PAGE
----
But what we've seen between the Lynx and Sparks this season and last has been the product of elite concentrations of stars who've had good chemistry together, and two very detail-oriented coaches with many years of success at the pro level.

Friday's game at Xcel Energy Center -- the Lynx's regular-season home arena this year with Target Center in downtown Minneapolis undergoing renovations -- was not the most visually pleasing all the way through. That was a product of the teams' familiarity, as Agler alluded to.

"The basketball can look ugly, but it's really not," Ogwumike said. "If you really know the game, you realize it's competitive, and we're both fighting. There's so much talent on both teams."

Ogwumike -- last season's league MVP -- said she went into "role-player" mindset early Friday because she sensed the Lynx would key on her. A wise bet, considering she had 27 points and 14 rebounds in their first meeting, an 88-77 Lynx victory, on July 6.

Her willingness to focus on other things beside scoring -- she had a season-low three points -- worked for the Sparks, who got 23 points from guard Chelsea Gray and 19 points and 10 rebounds from post player Candace Parker, who had just two points and three rebounds in the July 6 game.

The Lynx had their lowest point total of the season Friday, so Parker was happy with the Sparks' defense. But not entirely satisfied.

"I think every time we think we've arrived defensively, we take it another notch up," Parker said. "I know in the playoffs we have another notch. At least, I hope we do. That's what we're working toward, is to get our defense as sound as possible going into the playoffs."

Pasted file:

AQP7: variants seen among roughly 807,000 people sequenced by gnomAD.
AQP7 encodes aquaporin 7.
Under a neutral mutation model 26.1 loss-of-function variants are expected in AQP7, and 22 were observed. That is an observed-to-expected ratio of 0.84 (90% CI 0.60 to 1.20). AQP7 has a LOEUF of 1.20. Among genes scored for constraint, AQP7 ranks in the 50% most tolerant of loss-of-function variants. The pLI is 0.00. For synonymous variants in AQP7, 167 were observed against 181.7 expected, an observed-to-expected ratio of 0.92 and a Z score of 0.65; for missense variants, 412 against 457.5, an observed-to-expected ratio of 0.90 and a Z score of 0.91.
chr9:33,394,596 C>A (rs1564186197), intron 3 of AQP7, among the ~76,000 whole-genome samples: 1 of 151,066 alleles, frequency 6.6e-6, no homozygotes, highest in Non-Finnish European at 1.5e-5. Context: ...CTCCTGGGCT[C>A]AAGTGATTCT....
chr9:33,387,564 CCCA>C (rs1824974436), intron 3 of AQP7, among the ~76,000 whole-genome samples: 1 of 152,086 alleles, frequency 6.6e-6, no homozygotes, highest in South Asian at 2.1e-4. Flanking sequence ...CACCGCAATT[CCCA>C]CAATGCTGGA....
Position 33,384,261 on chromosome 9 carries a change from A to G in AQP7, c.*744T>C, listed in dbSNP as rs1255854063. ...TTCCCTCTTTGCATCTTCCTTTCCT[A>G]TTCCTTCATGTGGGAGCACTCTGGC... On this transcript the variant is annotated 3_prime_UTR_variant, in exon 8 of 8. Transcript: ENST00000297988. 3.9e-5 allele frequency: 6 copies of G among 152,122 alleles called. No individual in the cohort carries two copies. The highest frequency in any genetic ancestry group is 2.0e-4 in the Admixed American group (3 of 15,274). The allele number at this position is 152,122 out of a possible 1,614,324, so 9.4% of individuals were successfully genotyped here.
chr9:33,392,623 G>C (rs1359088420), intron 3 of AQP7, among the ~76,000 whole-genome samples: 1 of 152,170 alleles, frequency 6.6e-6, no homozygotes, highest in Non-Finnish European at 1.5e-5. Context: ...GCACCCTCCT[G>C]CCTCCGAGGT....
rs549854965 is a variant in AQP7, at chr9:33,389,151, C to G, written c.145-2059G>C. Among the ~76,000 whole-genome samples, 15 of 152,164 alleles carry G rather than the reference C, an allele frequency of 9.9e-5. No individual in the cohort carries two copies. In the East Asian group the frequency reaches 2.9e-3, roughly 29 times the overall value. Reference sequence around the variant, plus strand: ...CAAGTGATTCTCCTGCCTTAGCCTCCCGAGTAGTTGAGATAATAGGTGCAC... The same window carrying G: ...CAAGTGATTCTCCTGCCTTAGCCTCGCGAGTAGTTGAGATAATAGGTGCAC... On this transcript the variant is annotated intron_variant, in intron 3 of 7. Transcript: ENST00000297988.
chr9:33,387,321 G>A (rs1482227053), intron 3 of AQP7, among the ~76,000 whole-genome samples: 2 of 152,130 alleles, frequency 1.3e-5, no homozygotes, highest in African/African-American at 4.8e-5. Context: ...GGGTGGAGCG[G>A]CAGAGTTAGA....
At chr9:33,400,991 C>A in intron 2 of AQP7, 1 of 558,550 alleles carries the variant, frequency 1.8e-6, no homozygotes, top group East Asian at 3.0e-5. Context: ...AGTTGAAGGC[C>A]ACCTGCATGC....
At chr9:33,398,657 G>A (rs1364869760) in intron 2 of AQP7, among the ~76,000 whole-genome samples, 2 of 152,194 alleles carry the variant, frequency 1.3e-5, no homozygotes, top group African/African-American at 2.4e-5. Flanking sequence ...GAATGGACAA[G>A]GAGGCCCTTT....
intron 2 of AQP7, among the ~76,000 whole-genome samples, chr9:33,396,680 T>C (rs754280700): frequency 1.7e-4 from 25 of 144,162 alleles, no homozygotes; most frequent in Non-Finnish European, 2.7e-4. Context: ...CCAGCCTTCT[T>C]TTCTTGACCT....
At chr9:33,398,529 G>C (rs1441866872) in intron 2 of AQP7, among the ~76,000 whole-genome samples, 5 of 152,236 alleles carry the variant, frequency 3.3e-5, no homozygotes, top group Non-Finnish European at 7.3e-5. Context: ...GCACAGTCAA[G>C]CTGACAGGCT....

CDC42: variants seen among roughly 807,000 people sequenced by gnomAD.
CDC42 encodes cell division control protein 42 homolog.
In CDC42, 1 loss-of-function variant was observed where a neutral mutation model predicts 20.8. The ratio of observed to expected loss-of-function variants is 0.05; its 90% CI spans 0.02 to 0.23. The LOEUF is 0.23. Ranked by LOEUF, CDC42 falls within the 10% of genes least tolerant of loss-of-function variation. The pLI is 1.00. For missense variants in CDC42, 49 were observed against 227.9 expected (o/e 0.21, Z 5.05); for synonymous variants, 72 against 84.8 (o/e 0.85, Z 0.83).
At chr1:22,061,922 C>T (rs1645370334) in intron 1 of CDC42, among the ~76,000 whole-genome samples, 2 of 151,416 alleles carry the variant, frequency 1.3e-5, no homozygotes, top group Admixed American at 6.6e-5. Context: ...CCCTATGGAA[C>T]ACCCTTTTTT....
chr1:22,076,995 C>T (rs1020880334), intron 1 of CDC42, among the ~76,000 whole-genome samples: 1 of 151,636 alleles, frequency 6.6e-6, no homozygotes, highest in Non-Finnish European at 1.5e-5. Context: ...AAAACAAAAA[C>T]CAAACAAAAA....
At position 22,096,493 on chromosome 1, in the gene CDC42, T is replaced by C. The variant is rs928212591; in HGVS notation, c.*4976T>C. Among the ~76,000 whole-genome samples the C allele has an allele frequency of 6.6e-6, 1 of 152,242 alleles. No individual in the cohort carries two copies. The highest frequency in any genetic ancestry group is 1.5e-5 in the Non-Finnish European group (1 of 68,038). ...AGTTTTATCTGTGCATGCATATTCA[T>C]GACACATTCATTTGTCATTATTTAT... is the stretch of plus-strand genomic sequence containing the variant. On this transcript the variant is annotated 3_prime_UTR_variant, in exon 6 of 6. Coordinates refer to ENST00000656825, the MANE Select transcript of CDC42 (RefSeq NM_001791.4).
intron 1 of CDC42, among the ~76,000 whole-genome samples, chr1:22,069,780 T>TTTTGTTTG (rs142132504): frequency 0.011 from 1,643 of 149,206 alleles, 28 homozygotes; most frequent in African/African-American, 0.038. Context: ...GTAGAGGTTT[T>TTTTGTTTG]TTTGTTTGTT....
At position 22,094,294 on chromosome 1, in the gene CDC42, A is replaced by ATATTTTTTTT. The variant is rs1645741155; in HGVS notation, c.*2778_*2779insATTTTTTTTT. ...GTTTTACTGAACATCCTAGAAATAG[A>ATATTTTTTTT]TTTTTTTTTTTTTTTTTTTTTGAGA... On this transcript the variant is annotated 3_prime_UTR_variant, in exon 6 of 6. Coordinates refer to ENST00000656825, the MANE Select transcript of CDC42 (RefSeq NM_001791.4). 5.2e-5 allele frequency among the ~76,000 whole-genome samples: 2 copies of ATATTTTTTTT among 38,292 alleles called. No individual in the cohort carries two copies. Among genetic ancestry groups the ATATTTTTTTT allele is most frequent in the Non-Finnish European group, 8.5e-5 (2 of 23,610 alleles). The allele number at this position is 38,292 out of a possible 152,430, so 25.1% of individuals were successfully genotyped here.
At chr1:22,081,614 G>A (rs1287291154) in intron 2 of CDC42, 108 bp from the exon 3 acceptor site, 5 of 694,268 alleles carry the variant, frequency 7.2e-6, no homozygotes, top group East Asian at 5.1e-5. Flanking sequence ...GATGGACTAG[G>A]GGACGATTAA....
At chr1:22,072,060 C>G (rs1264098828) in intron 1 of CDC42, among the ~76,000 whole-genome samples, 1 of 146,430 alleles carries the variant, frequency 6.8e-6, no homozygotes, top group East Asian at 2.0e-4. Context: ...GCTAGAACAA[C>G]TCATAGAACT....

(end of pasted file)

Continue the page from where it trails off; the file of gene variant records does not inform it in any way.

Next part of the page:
The win at Minnesota put the Sparks above .500 on the road, but Sunday's loss at New York dropped them back to 7-7. They have WNBA's best home mark, though, at 12-1, and Staples Center will be the site of their last regular-season matchup with the Lynx, on Aug. 27 (ESPN2, 7 p.m. ET).

Minnesota has by far the league's best road record, 10-2, and that's where the Lynx will be Wednesday when they face Seattle. Center Sylvia Fowles is the front-runner for league MVP, averaging 20.5 points, 10.1 rebounds and 2.1 blocked shots, while shooting a league-high 67.5 percent from the field.

More weight is on Fowles, Maya Moore, Seimone Augustus, Rebekkah Brunson and the rest of the Lynx with point guard Lindsay Whalen out with a broken bone in her left (non-shooting) hand. She is out of the large cast she originally wore after surgery, and is fully expected to be back this season.

But while Whalen is on the sidelines, Moore said that communication for the rest of the veteran Lynx players is all the more important. That most certainly will be the case against the Sparks when they meet again.

"They're going to run their stuff; they're really good at what they do," Lynx coach Cheryl Reeve said of the Sparks. "We think we're good at what we do. In the game, it's a test of wills for the players not to let each other do those things."

Only once in WNBA history have the same two teams met in consecutive years in the WNBA Finals: Houston vs. New York, in 1999 and 2000. Both the Lynx and Sparks will have challenges trying to match that this year. Connecticut has been one of the best stories of the season, and could have the best chance of stopping a Finals repeat.